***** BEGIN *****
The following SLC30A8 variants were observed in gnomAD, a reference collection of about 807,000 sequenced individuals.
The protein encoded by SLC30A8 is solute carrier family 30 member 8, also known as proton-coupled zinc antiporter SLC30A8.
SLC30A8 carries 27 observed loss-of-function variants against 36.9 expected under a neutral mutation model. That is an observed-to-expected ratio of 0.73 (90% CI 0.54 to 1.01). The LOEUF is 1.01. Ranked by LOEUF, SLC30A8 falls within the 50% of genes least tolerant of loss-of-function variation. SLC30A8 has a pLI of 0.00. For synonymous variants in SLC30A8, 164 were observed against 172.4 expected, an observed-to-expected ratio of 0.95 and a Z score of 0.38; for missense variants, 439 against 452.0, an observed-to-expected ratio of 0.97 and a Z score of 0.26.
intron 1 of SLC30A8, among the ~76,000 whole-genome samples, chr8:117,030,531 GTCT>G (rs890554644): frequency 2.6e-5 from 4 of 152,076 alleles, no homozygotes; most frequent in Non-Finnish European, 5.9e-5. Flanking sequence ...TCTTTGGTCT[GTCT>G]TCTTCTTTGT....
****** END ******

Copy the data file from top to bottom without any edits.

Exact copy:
The following SLC30A8 variants were observed in gnomAD, a reference collection of about 807,000 sequenced individuals.
The protein encoded by SLC30A8 is solute carrier family 30 member 8, also known as proton-coupled zinc antiporter SLC30A8.
SLC30A8 carries 27 observed loss-of-function variants against 36.9 expected under a neutral mutation model. That is an observed-to-expected ratio of 0.73 (90% CI 0.54 to 1.01). The LOEUF is 1.01. Ranked by LOEUF, SLC30A8 falls within the 50% of genes least tolerant of loss-of-function variation. SLC30A8 has a pLI of 0.00. For synonymous variants in SLC30A8, 164 were observed against 172.4 expected, an observed-to-expected ratio of 0.95 and a Z score of 0.38; for missense variants, 439 against 452.0, an observed-to-expected ratio of 0.97 and a Z score of 0.26.
intron 1 of SLC30A8, among the ~76,000 whole-genome samples, chr8:117,030,531 GTCT>G (rs890554644): frequency 2.6e-5 from 4 of 152,076 alleles, no homozygotes; most frequent in Non-Finnish European, 5.9e-5. Flanking sequence ...TCTTTGGTCT[GTCT>G]TCTTCTTTGT....